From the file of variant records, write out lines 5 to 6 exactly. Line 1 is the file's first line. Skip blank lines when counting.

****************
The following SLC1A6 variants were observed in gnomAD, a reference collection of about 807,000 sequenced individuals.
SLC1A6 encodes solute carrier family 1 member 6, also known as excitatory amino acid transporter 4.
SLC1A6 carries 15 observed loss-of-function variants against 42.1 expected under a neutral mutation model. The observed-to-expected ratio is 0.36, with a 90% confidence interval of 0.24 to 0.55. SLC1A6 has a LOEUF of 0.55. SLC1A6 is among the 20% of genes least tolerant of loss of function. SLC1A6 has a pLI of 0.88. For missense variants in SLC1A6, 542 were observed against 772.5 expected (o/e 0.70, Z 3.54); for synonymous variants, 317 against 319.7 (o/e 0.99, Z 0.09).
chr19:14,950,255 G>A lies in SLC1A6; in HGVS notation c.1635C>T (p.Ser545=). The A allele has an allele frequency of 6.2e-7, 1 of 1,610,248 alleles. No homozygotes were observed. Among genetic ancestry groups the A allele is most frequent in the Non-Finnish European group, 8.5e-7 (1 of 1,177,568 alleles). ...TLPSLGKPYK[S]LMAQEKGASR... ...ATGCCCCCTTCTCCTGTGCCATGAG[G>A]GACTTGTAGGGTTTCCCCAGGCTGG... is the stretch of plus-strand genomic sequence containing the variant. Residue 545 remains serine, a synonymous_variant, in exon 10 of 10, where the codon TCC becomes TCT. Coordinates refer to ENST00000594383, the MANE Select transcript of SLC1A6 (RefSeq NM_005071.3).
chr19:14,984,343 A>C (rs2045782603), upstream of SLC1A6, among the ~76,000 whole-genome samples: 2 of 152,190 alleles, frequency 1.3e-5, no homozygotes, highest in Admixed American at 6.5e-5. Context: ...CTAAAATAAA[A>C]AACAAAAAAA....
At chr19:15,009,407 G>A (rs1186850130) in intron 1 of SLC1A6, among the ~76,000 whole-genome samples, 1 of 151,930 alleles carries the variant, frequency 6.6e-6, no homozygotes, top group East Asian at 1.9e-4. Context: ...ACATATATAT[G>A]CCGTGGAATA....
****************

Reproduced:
chr19:14,984,343 A>C (rs2045782603), upstream of SLC1A6, among the ~76,000 whole-genome samples: 2 of 152,190 alleles, frequency 1.3e-5, no homozygotes, highest in Admixed American at 6.5e-5. Context: ...CTAAAATAAA[A>C]AACAAAAAAA....
At chr19:15,009,407 G>A (rs1186850130) in intron 1 of SLC1A6, among the ~76,000 whole-genome samples, 1 of 151,930 alleles carries the variant, frequency 6.6e-6, no homozygotes, top group East Asian at 1.9e-4. Context: ...ACATATATAT[G>A]CCGTGGAATA....